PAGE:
3rd Sunday of Lent A 2017

They should never have met.  Jesus, tired from a long journey, takes a seat and a moment away from his disciples in the middle of the day.   This is the only time in John’s Gospel that admits of such weakness in Jesus.  The Samaritan woman comes to draw water in the midst of the hottest time of the day, well after the other women in the village had come. It is not an accident.  She comes at this time to avoid them – their talk to her face or behind her back, their withering looks of judgment.  We would still whisper today about a woman married five times and living with another man still.  Imagine the scandal she must have been in the small, tight knit community.  I picture her stooped, eyes downcast, trying to make her small enough to hide in plain daylight.

Jesus sees her at the well and asks for a drink.  She is shocked.  Jews don’t talk to Samaritans and men don’t speak to women so publicly.  The startled woman asks what his plan is here for he has no bucket and the cistern is deep.  But Jesus seeks more than water.  He answers her mysteriously, “If you knew the gift of God and who is saying to you, ‘Give me a drink, ‘you would have asked him and he would have given you living water.”  A water so alive that it quenches thirst forever.  She wants this water badly if only because she would not have to go to this darn well in the middle of the day.

She must feel she is getting away with something.  This stranger is treating her with generosity and kindness.  This is what life would be if no one knew her shame and her sin.  But that illusion shatters when Jesus asks her to call her husband.  She claims she has no husband, but Jesus fills in the rest.  “You are right in saying, ‘I do not have a husband.’  For you have had five husbands, and the one you have now is not your husband.”  He does know!  Yet, he does not condemn or revoke his offer of living water.  He knows her shame and still he cares for her; still wants nothing but the best for her!  You can almost see her back start to straighten, her legs steady and her eyes lift.  She is free to look Jesus, or anyone, in the eye.

She even dares to talk theology to one she believes a prophet.  When she brings up the topic of a Messiah, Jesus acknowledges, “”I am he, the one speaking with you.”  Then comes a remarkable transformation, the woman who came at noon to avoid anyone in town, now seeks out everybody and excitedly informs them she has found the one who could be the Messiah. Her past has not changed, but her dignity, her beauty and her breath has returned to her.  Indeed, she even invokes her past to explain her encounter with Christ.  “Come see a man who told me everything I have done.  Could he possibly be the Christ?”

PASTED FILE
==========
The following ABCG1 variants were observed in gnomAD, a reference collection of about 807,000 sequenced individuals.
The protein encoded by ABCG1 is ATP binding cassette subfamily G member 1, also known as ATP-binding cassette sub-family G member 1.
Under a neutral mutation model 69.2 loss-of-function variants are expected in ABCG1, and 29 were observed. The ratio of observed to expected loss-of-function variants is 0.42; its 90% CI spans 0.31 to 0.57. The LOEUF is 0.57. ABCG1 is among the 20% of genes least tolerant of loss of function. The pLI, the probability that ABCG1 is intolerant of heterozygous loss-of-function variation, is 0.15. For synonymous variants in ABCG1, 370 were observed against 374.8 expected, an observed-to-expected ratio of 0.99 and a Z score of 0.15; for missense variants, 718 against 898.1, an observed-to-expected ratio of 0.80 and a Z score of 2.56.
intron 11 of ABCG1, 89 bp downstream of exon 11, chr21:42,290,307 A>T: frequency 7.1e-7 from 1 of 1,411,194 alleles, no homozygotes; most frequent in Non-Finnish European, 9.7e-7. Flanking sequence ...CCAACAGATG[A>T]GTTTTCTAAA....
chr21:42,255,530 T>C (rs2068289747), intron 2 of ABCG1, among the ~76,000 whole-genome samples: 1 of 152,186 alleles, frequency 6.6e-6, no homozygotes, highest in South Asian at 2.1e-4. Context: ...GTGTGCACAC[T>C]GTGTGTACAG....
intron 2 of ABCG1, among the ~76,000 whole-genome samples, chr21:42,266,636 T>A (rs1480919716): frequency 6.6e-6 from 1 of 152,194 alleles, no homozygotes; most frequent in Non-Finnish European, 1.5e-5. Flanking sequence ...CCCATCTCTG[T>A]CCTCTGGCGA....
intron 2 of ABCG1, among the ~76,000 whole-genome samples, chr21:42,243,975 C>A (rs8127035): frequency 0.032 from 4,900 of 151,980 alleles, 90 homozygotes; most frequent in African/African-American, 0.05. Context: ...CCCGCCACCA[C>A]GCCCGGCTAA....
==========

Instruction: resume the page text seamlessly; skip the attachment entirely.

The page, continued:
I wonder how often shame and sin have stopped us from spreading the word of God?  How often have we felt unworthy to tell the story of Christ because we felt unworthy of its promises?  When have we felt our dignity diminished and feel the grace of God should skip us?  Yet, all that disappears in a true encounter with Christ, the one who meets us where we are at, forgives us completely and continually reminds us of the beauty we have been created with.

If we are to be ambassadors for Christ, if we are to share the joy of our liberation, then we must shed our shame and embrace our dignity.  We must accept and deeply believe that Christ loves us right now, with our imperfections, our sins and our regrets.  He saw beauty and potential in the Samaritan woman despite her five and a half husbands.  He wants us to give us our best despite our failings as well.

You are capable and ready for this job.  Straighten your back, feel the strength return to your legs and lift your eyes.  You too can tell the story of how loved you are.  Now imitate the Samaritan woman and say to all “Come and See.”  We do not impose our beliefs, we offer a place where they can know the forgiveness of their sins, even if it takes 24 consecutive hours.  We offer a family of care and of true concern to our neighbor and the stranger.  We are the home of living water which quenches thirst and promises eternal life.